Although people can say something about their relationship with God there is a limit to what can be communicated through language. Kabir writes: “Inexpressible is the story of Love. It cannot be revealed by words, Like the dumb eating sweet-meat, Only smiles, the sweetness he cannot tell”. The implication of this is that the maps of the different religions, including Sikhism, can be used or ignored; what is important is the personal experience of the actual territory of God. Guru Gobind Singh Ji writes: “I salute That which is beyond religion.”

For Sikhs, the Guru Granth Sahib Ji is an answer to the question. “How can we be Real? How can we break the dam of waste blocking us from Reality?” (Guru Granth Sahib Ji: 1)

“1 God is Reality, Naam” (Guru Granth Sahib: 1). The numeral ‘1’ at the beginning of the Guru Granth Sahib emphases that there should not be any confusion about the Oneness of God and the Unity in existence.

Religion and Science

The Gurus have no concept of ‘science’ as an independent area of enquiry. The aim of a Sikh life is to be a ‘sachiara’ – truthful or real or authentic – in every area of life.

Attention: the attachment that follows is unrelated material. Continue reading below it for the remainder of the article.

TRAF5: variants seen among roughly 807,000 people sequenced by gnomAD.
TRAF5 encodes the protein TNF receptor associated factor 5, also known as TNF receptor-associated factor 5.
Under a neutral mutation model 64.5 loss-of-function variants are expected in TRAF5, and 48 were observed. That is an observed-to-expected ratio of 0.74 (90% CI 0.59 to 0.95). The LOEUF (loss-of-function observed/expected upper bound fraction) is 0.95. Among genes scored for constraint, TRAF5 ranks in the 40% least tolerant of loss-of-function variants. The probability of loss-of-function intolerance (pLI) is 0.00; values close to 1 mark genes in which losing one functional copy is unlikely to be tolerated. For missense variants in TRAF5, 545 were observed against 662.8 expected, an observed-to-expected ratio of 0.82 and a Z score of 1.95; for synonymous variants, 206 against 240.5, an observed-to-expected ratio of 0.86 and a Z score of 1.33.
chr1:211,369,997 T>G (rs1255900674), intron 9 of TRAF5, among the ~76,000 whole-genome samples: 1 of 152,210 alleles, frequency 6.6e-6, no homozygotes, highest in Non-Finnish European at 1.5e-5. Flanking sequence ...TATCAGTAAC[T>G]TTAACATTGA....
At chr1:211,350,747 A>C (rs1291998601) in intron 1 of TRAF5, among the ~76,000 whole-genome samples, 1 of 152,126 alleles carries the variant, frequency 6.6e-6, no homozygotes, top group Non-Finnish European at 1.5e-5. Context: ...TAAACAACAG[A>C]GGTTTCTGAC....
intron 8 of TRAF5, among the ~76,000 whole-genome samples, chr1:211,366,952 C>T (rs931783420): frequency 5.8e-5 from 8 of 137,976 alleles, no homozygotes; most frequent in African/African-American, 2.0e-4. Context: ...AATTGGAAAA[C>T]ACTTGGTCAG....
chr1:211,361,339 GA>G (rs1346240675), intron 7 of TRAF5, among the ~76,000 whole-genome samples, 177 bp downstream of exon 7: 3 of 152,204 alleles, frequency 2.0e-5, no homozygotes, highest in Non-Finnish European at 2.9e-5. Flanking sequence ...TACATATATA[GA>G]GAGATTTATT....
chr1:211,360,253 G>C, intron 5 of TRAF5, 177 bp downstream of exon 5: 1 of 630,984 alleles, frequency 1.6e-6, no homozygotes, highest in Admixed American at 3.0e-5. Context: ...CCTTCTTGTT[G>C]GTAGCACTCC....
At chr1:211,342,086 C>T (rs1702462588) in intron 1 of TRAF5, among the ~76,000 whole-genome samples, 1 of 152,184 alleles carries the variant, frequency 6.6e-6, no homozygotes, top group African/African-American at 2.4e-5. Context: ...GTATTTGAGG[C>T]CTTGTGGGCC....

Sikhs consider that both science and religion are enterprises to do with seeking the truth. The word ‘Sikh’ is etymologically linked to with ‘seeker’ of truth.

Sikhs feel that religious experience cannot be explained as language cannot ‘capture’ God.

Sikhs consider that both science and religion are engaged in the same process, i.e. discovering the truth.

There are similarities in some fundamental Sikh beliefs, for instance, that all life has evolved from water. “O Nanak, this world is all water; everything came from water” (Guru Granth Sahib Ji: 1283).

One could argue that life derived from carbon found in rocks and/or exists deep inside rocks: “From rocks and stones He created living beings; He places their nourishment before them” (Guru Granth Sahib Ji: 10).

On the other hand, there are some ideas yet to be confirmed by science. There is a clear idea that there are limitless worlds and that God can be approached in many different ways. Therefore, there are saints of other worlds – in other worlds, intelligent and indeed religious life on other planets. Speaking of the Court of God, “The devotees of many worlds dwell there. They celebrate; their minds are imbued with the True Lord” (Guru Granth SahibJi : 8).